Council of Trade Unions Acting President Rachel Mackintosh said that updated figures out today from Statistics New Zealand show that women are still not being paid their worth and employers are not complying with current equal pay law. The latest average hourly gender pay imbalance is 13.9%, up from 13.1% in 2017. The median hourly gender pay imbalance is nearly static, at 9.2% down from 9.4%.
“Women’s pay will start moving in the right direction as pay equity settlements and minimum wage rises flow through this year. We have seen the beginning of pay increases for 55,000 people in aged care and support, but the impact of other settlements will come through in the next round of figures,” Ms Mackintosh said. “Mental health and education support workers have just recently settled claims and indeed female-dominated collective agreements like the New Zealand Nurses Organisation deal will raise women’s wages. All of these union pay wins are great news for women.”
“What these latest figures show is that inaction by the last Government on women’s equality will take a big effort from this Government to fix, but we are optimistic about change happening this year. New Zealand has a clear path to be a world leader on equal pay, and the coalition Government has committed to women being paid fully and fairly in this country.”
“However, we can also see from these figures that most employers won’t voluntarily choose to comply with our current equal pay laws. We need to speed up the pace of equal pay and pay equity settlements and claims to achieve full equality. Social workers, teachers, nurses and midwives and admin and clerical staff are just some of the groups who have pay equity processes underway to recognise their full worth.”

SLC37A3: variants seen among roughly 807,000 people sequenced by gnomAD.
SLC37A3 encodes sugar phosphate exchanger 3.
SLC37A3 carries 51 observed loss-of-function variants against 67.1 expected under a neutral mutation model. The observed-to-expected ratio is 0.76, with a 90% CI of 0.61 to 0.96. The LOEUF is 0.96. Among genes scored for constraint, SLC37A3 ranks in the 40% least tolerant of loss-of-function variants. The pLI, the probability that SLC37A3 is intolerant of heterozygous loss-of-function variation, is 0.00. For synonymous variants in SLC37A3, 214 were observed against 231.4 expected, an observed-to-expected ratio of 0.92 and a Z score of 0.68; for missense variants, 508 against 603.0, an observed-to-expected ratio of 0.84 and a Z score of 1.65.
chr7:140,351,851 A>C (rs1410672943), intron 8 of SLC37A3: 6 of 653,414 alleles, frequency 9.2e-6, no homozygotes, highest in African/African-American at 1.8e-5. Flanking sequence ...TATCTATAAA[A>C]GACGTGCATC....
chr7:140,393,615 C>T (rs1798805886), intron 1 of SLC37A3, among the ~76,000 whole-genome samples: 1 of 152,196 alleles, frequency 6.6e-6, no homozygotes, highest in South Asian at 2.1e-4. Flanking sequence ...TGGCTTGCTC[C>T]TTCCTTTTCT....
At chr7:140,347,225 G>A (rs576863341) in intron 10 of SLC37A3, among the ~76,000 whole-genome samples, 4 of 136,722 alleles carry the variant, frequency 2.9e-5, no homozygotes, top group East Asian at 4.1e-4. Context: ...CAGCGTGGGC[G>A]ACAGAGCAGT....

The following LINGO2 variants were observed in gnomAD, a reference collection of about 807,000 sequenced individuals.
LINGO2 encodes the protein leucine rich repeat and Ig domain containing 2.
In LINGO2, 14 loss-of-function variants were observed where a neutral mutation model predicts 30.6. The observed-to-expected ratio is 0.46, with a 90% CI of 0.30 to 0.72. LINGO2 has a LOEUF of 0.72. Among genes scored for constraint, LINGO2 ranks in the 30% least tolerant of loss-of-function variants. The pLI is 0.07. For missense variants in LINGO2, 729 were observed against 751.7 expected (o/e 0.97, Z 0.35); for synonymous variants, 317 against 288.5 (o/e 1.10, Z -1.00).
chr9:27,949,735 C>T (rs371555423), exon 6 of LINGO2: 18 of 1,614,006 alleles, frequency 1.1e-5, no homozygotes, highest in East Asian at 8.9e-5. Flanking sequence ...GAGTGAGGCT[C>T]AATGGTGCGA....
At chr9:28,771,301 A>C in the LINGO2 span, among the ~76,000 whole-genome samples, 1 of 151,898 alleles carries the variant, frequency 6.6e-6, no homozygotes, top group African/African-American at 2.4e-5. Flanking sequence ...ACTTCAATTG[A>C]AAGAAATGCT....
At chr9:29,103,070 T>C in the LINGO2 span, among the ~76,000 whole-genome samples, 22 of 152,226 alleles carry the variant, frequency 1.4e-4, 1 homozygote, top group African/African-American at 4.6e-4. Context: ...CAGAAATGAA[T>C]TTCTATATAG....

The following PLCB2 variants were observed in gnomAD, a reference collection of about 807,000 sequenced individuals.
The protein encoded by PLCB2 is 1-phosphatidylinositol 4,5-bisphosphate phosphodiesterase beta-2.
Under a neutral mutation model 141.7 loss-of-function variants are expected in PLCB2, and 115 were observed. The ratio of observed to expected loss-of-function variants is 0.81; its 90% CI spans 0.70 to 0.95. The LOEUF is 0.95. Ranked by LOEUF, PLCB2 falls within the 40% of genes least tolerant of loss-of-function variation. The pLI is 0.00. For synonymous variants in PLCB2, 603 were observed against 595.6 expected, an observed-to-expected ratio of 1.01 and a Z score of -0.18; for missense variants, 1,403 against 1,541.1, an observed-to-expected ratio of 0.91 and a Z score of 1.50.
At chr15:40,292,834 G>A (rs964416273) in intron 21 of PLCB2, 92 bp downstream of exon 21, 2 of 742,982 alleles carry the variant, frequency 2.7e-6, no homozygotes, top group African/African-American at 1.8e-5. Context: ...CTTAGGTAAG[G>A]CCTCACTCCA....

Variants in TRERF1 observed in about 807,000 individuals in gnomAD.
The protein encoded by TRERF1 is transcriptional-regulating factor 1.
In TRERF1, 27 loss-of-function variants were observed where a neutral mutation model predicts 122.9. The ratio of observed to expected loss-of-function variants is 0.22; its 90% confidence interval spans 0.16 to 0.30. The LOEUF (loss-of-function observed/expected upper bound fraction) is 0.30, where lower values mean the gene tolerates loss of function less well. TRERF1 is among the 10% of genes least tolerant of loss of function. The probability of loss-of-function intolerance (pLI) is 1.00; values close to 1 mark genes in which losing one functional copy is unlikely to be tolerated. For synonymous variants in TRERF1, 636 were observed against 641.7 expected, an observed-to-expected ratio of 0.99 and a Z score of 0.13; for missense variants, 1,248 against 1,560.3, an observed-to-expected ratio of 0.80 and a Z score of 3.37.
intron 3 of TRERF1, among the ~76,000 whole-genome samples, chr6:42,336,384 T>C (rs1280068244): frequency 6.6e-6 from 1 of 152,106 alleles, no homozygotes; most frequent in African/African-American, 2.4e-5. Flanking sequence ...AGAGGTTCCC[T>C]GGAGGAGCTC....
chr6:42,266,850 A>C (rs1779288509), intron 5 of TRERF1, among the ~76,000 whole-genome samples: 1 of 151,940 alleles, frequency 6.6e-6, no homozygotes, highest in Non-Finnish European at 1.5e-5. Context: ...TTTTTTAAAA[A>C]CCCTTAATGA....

“The introduction of new equal pay legislation to formalise a process for payment of claims can’t come fast enough for the women of New Zealand. We have already been denied access to our legal right to pay equality for an entire generation. The Government has indicated we can expect better laws that set out a clear pathways to accessing equal pay by the end of this year. We are backing MPs to work through the legislative process as soon as possible and value New Zealand women equally with Kiwi men.”
 This is the percentage difference between men and women wage and salary earners in the average amount earned per hour of work in New Zealand in June 2018. The Government tends to use a figure of median earnings per hour of work, but this underestimates the true gender pay imbalance because the majority of very high income earners are men, while nearly two-thirds of minimum wage earners are women.
The Wellington Pay Equity Coalition will be calculating and releasing the gender pay imbalance for Māori, Pākehā and Pasifika women later today.